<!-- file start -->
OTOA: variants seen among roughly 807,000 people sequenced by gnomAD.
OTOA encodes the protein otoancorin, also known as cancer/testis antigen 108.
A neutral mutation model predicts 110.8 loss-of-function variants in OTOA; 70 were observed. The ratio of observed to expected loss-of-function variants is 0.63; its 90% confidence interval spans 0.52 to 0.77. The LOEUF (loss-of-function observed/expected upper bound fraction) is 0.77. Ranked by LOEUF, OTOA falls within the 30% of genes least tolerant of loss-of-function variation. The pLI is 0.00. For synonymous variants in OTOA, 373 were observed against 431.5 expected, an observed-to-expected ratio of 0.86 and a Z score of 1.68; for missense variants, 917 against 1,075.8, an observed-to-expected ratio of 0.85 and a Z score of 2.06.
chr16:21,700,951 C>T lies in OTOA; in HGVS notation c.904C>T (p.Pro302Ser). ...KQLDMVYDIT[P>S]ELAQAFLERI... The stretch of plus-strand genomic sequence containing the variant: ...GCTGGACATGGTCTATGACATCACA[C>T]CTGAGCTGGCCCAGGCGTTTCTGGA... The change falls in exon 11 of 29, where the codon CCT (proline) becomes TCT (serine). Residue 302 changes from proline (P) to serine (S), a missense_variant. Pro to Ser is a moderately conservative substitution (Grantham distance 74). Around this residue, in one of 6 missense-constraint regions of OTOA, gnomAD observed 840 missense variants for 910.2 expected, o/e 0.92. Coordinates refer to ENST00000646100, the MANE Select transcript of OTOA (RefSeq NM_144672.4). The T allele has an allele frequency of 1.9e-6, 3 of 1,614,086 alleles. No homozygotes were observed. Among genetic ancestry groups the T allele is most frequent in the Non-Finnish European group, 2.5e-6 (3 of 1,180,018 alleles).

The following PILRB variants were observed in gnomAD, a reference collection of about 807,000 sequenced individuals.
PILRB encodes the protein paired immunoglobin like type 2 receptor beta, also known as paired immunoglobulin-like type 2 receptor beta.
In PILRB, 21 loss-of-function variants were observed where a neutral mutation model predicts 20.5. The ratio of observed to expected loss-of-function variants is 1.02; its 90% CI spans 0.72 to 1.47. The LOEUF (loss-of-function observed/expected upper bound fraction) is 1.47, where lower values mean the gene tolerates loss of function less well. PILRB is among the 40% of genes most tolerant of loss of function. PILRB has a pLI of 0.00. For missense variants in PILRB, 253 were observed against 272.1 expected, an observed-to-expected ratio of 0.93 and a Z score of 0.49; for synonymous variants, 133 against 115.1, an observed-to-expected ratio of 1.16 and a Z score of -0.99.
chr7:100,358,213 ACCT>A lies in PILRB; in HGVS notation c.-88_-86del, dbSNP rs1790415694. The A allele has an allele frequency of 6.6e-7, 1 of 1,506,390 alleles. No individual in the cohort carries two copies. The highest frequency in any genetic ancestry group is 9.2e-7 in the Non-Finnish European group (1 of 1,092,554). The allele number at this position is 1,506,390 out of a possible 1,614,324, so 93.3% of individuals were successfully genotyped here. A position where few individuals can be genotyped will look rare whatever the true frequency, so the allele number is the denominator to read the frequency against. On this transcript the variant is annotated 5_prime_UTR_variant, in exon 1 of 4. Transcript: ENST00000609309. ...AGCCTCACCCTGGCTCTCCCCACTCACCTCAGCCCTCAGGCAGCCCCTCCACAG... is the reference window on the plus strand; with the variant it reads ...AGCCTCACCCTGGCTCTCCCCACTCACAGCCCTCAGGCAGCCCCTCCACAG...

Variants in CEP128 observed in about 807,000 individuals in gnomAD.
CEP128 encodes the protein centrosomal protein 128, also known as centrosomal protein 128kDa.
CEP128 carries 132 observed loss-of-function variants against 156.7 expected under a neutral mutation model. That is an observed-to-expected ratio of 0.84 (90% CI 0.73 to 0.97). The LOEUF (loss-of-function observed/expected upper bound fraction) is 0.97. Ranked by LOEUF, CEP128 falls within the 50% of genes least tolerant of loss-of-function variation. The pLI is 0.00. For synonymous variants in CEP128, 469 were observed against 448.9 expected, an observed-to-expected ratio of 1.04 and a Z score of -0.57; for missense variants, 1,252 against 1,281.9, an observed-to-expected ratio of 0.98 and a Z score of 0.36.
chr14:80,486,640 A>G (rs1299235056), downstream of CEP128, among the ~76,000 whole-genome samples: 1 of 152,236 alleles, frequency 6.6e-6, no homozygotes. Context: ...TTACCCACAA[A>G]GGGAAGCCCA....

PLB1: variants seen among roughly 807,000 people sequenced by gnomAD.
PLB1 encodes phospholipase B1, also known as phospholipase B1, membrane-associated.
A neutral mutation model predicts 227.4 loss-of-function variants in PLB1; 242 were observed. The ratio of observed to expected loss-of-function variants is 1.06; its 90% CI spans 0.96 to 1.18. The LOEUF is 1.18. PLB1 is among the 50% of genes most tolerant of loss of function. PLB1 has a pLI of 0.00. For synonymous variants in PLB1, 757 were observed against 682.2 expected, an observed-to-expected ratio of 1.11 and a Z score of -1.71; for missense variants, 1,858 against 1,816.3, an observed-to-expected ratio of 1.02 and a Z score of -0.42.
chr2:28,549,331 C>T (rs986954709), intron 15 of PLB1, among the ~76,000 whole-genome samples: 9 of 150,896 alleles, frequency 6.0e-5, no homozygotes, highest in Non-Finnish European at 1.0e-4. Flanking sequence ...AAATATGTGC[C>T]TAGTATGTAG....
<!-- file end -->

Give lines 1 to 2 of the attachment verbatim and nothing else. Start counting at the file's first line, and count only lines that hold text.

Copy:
OTOA: variants seen among roughly 807,000 people sequenced by gnomAD.
OTOA encodes the protein otoancorin, also known as cancer/testis antigen 108.